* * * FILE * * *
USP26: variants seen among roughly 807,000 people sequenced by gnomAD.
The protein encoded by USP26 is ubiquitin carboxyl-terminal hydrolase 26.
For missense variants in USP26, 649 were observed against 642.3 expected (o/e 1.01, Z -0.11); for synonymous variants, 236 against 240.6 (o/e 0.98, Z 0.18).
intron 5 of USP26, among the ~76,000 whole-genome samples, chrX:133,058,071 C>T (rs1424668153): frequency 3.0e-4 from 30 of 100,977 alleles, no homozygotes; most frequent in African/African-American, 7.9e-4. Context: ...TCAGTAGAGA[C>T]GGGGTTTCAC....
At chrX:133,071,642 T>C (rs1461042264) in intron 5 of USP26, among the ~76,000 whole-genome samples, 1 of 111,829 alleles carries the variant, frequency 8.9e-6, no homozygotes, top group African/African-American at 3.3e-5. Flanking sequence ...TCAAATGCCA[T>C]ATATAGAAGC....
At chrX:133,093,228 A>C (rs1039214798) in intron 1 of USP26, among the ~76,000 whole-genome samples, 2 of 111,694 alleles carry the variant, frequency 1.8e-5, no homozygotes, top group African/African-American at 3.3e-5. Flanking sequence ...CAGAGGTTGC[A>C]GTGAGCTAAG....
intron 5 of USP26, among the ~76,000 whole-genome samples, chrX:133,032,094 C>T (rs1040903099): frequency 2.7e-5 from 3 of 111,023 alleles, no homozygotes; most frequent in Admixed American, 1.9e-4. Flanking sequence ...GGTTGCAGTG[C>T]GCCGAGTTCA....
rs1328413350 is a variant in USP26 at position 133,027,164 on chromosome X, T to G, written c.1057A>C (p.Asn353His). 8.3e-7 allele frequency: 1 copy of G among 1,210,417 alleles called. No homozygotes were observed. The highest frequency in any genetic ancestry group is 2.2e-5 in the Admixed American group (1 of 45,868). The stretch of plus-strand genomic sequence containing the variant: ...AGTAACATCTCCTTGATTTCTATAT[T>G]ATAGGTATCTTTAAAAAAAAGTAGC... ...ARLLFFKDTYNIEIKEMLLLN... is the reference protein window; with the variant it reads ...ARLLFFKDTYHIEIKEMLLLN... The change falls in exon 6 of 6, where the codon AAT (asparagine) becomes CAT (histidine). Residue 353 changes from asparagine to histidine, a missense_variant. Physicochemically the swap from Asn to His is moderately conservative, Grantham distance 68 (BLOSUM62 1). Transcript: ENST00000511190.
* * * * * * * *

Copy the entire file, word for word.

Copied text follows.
USP26: variants seen among roughly 807,000 people sequenced by gnomAD.
The protein encoded by USP26 is ubiquitin carboxyl-terminal hydrolase 26.
For missense variants in USP26, 649 were observed against 642.3 expected (o/e 1.01, Z -0.11); for synonymous variants, 236 against 240.6 (o/e 0.98, Z 0.18).
intron 5 of USP26, among the ~76,000 whole-genome samples, chrX:133,058,071 C>T (rs1424668153): frequency 3.0e-4 from 30 of 100,977 alleles, no homozygotes; most frequent in African/African-American, 7.9e-4. Context: ...TCAGTAGAGA[C>T]GGGGTTTCAC....
At chrX:133,071,642 T>C (rs1461042264) in intron 5 of USP26, among the ~76,000 whole-genome samples, 1 of 111,829 alleles carries the variant, frequency 8.9e-6, no homozygotes, top group African/African-American at 3.3e-5. Flanking sequence ...TCAAATGCCA[T>C]ATATAGAAGC....
At chrX:133,093,228 A>C (rs1039214798) in intron 1 of USP26, among the ~76,000 whole-genome samples, 2 of 111,694 alleles carry the variant, frequency 1.8e-5, no homozygotes, top group African/African-American at 3.3e-5. Flanking sequence ...CAGAGGTTGC[A>C]GTGAGCTAAG....
intron 5 of USP26, among the ~76,000 whole-genome samples, chrX:133,032,094 C>T (rs1040903099): frequency 2.7e-5 from 3 of 111,023 alleles, no homozygotes; most frequent in Admixed American, 1.9e-4. Flanking sequence ...GGTTGCAGTG[C>T]GCCGAGTTCA....
rs1328413350 is a variant in USP26 at position 133,027,164 on chromosome X, T to G, written c.1057A>C (p.Asn353His). 8.3e-7 allele frequency: 1 copy of G among 1,210,417 alleles called. No homozygotes were observed. The highest frequency in any genetic ancestry group is 2.2e-5 in the Admixed American group (1 of 45,868). The stretch of plus-strand genomic sequence containing the variant: ...AGTAACATCTCCTTGATTTCTATAT[T>G]ATAGGTATCTTTAAAAAAAAGTAGC... ...ARLLFFKDTYNIEIKEMLLLN... is the reference protein window; with the variant it reads ...ARLLFFKDTYHIEIKEMLLLN... The change falls in exon 6 of 6, where the codon AAT (asparagine) becomes CAT (histidine). Residue 353 changes from asparagine to histidine, a missense_variant. Physicochemically the swap from Asn to His is moderately conservative, Grantham distance 68 (BLOSUM62 1). Transcript: ENST00000511190.